When my children and I were younger, we lived in Fairbanks, Alaska. One of the features of Fairbanks at that time was that there were not many activities available for children in the winter outside the house. So I lied to them a lot. People more inclined to blush than I call that telling stories.
We had many of the children's books that were available then, but the perennial darkness of the Alaskan night meant we also had lots of time. Frankly, I got tired of those books*, so I began to make up stories of my own to break the monotony. Some of them were moralizing stories exemplifying the effects of bad behavior. Some of them were outrageous tall tales, just for the joy of them. Some were adventure stories. Some were a bit of all three.
Sometimes the stories were very short and interspersed into the events of daily life as opposed to just being told at story time. Eventually, I realized that they may not always know that I was telling a story, so I had to tell them that they could always just ask, "Are you lying?" and I'd tell them if I were. Actually, that rule still holds.
In terms of popular culture, I live under a pretty big rock, but some things inevitably make their way into my consciousness. I'm sure that some of these stories resemble to an embarrassing degree things I've read or seen elsewhere. I was striving for entertainment for my young children rather than for originality. If I remember what influenced me, I'll try to credit that source. If you see a similarity that I don't note, I'll claim that it's an homage. Writers get away with that all the time, don't they?
I'm an engineer by training and by temperament, but according to my observations (and the painfully blunt comments of others), I'm not a standard engineer. People on each side of that line frequently look at me and say, "What the heck are you talking about?" So, you, Gentle Reader, won't be the only one to react that way. Just saying.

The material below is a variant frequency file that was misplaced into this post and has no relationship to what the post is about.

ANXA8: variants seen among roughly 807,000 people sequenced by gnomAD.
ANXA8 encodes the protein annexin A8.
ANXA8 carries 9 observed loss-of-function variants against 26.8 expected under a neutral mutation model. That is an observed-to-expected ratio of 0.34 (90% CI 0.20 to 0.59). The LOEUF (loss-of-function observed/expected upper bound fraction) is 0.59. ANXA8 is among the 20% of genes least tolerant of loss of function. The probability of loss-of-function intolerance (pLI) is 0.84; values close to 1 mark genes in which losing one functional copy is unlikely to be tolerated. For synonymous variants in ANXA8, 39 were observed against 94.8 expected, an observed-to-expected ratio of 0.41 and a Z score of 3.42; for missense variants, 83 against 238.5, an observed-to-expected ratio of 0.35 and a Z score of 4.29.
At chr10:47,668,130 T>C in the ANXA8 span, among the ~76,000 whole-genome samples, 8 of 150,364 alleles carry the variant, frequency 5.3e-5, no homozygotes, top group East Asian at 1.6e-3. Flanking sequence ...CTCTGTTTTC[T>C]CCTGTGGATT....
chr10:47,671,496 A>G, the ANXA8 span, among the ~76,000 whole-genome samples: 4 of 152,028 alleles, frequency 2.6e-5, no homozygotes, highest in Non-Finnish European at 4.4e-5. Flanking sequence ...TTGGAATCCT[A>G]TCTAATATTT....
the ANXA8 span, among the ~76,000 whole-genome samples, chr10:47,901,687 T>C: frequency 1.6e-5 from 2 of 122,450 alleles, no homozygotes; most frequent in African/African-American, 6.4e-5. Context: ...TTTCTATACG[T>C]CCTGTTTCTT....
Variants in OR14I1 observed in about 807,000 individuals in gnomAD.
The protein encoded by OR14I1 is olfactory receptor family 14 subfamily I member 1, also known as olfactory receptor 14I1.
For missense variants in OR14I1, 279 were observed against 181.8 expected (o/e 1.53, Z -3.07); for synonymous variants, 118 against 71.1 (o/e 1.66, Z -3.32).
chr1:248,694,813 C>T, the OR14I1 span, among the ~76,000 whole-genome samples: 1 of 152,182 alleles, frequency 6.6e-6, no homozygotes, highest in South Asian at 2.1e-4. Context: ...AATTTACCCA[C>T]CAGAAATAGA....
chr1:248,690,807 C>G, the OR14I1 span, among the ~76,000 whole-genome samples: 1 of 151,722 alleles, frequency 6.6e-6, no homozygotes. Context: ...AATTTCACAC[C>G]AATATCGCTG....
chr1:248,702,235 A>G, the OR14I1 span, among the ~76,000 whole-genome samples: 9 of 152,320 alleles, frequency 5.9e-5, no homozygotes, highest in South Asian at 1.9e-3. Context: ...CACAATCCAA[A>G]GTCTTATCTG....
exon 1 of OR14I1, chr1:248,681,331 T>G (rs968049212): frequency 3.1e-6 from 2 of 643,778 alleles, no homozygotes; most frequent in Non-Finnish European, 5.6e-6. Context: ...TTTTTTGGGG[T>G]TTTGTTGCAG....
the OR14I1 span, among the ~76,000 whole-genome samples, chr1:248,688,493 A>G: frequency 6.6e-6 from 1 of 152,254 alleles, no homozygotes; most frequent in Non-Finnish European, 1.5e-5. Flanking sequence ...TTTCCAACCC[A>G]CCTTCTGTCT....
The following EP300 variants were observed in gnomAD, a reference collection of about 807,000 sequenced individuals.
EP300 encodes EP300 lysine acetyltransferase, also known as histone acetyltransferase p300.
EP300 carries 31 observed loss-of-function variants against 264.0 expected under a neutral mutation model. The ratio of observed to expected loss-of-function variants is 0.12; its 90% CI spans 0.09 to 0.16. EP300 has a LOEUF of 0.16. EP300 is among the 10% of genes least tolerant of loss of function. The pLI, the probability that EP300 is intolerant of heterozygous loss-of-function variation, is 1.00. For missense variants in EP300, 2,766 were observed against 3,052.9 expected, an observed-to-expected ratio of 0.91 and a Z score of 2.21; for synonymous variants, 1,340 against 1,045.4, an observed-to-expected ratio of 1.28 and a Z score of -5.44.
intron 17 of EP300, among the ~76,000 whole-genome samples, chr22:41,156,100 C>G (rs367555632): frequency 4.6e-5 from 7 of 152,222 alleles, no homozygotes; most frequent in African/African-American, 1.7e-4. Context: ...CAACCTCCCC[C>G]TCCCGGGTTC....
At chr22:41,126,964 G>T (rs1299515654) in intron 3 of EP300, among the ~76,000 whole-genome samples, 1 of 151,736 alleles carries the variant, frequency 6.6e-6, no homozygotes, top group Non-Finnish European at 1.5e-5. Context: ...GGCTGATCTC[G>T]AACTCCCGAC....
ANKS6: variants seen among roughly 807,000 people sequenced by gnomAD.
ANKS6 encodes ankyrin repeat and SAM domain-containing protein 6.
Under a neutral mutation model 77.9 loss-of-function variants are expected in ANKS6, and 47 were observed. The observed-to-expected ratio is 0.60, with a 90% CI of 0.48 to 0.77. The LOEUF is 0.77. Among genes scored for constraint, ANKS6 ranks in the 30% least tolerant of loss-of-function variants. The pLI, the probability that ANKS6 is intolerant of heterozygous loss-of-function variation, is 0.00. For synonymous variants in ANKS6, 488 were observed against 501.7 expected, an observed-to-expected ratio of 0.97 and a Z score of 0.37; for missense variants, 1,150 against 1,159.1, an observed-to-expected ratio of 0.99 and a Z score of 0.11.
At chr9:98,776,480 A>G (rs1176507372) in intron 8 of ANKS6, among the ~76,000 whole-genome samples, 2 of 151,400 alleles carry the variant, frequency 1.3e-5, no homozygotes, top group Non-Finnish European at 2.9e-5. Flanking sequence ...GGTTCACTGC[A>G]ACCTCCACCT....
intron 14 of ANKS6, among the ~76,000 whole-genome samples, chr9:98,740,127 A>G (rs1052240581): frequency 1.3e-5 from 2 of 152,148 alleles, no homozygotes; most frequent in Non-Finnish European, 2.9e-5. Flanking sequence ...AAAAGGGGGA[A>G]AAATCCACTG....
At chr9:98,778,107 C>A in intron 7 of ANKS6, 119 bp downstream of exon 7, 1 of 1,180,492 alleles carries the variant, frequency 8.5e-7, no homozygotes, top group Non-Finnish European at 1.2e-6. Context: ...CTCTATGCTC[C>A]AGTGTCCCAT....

I never believed in talking down to my kids, "treating them like children" as they say. I like vocabulary; there's so much of it, it seems a shame to waste it. So I always tried to use words just a bit over their heads so they'd stretch for those words and learn them. They seemed to revel in that, and their friends did and still do ask why they use such big words. Oddly, one of those words was "apt" - not even big; just expressive. They've expanded their friends' vocabularies, too, so I count that as a win.
Words are the tools we use to build thoughts. If you were building a house and only had an adjustable wrench, you couldn't do as good a job as if you had a contractor's job box. Words give the same ease to building thoughts. Give your kids good tools.
Some of my kids have expressed an interest in my capturing those stories so they can tell them to their kids. I hope I do better finishing this project better than I did completing the trim in my wife's closet remodel.
I reserve the right to edit these stories as time goes on and as I remember better details.
* Except for Richard Scarry's I Am A Bunny. Whenever I come across that book somewhere, I look for a little kid to read it to. Not in a creepy way, though - no restraining orders to date.**
** First cultural credit: I shamelessly stole the asterisk footnote motif from 'Puter Gormogon. Go read his stuff. Srlsly. But you might not want to let the kids read it. He's salty.